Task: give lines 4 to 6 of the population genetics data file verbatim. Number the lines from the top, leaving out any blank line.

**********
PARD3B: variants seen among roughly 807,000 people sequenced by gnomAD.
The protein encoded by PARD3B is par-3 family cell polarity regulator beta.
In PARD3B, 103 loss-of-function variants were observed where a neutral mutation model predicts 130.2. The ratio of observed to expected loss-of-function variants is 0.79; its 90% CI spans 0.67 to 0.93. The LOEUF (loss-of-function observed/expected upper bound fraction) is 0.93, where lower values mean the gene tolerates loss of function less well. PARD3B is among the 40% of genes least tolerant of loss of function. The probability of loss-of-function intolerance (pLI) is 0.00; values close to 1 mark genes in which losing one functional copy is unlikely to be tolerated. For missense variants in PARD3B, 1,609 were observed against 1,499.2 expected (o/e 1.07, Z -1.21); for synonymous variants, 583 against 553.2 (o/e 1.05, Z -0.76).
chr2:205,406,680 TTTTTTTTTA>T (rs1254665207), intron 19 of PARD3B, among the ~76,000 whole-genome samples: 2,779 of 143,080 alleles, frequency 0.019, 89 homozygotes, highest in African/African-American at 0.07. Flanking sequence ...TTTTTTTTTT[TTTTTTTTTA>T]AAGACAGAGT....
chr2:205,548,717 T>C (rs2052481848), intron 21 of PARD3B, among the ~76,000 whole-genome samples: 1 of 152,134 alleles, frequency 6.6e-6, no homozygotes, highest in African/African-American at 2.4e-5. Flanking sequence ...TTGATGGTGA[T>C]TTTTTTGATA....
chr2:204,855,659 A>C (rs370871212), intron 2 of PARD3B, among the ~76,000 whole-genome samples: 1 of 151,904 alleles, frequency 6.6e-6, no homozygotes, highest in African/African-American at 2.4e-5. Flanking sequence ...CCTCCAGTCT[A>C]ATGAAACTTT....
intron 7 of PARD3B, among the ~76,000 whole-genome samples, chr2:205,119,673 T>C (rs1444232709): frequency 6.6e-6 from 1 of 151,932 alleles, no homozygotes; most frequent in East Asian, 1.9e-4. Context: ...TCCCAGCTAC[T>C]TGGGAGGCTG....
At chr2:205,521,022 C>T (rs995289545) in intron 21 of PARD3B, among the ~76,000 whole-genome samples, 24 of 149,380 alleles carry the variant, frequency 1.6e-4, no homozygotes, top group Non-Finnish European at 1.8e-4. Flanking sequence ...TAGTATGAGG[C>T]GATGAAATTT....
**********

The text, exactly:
chr2:205,406,680 TTTTTTTTTA>T (rs1254665207), intron 19 of PARD3B, among the ~76,000 whole-genome samples: 2,779 of 143,080 alleles, frequency 0.019, 89 homozygotes, highest in African/African-American at 0.07. Flanking sequence ...TTTTTTTTTT[TTTTTTTTTA>T]AAGACAGAGT....
chr2:205,548,717 T>C (rs2052481848), intron 21 of PARD3B, among the ~76,000 whole-genome samples: 1 of 152,134 alleles, frequency 6.6e-6, no homozygotes, highest in African/African-American at 2.4e-5. Flanking sequence ...TTGATGGTGA[T>C]TTTTTTGATA....
chr2:204,855,659 A>C (rs370871212), intron 2 of PARD3B, among the ~76,000 whole-genome samples: 1 of 151,904 alleles, frequency 6.6e-6, no homozygotes, highest in African/African-American at 2.4e-5. Flanking sequence ...CCTCCAGTCT[A>C]ATGAAACTTT....